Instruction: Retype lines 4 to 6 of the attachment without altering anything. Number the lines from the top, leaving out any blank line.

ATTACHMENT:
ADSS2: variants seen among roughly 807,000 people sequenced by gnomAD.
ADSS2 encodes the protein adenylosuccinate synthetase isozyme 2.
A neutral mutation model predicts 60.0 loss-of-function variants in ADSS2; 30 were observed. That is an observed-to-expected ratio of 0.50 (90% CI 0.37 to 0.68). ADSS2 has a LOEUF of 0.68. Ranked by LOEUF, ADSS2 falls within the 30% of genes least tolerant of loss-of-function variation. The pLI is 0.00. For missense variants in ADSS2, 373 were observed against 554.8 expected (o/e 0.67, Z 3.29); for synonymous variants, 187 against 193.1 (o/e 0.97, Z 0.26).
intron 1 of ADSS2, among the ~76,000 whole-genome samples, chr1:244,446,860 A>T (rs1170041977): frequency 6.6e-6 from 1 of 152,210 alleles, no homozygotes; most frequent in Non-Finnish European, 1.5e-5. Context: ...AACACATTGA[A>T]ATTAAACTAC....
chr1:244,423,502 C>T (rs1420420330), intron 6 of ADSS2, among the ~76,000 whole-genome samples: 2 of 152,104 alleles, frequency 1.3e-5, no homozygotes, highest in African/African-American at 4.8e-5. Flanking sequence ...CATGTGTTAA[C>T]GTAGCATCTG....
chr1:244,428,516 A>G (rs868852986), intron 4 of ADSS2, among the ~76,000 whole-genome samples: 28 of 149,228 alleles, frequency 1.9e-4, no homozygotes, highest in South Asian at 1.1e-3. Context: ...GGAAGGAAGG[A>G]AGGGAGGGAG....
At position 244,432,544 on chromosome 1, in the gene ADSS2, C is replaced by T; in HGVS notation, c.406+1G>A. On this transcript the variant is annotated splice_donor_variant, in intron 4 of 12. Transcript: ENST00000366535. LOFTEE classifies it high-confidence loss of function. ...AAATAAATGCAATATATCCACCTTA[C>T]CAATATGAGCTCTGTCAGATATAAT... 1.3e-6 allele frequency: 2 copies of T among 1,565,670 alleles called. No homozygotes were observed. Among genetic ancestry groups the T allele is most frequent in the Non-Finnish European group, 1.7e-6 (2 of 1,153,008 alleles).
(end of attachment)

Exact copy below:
intron 1 of ADSS2, among the ~76,000 whole-genome samples, chr1:244,446,860 A>T (rs1170041977): frequency 6.6e-6 from 1 of 152,210 alleles, no homozygotes; most frequent in Non-Finnish European, 1.5e-5. Context: ...AACACATTGA[A>T]ATTAAACTAC....
chr1:244,423,502 C>T (rs1420420330), intron 6 of ADSS2, among the ~76,000 whole-genome samples: 2 of 152,104 alleles, frequency 1.3e-5, no homozygotes, highest in African/African-American at 4.8e-5. Flanking sequence ...CATGTGTTAA[C>T]GTAGCATCTG....
chr1:244,428,516 A>G (rs868852986), intron 4 of ADSS2, among the ~76,000 whole-genome samples: 28 of 149,228 alleles, frequency 1.9e-4, no homozygotes, highest in South Asian at 1.1e-3. Context: ...GGAAGGAAGG[A>G]AGGGAGGGAG....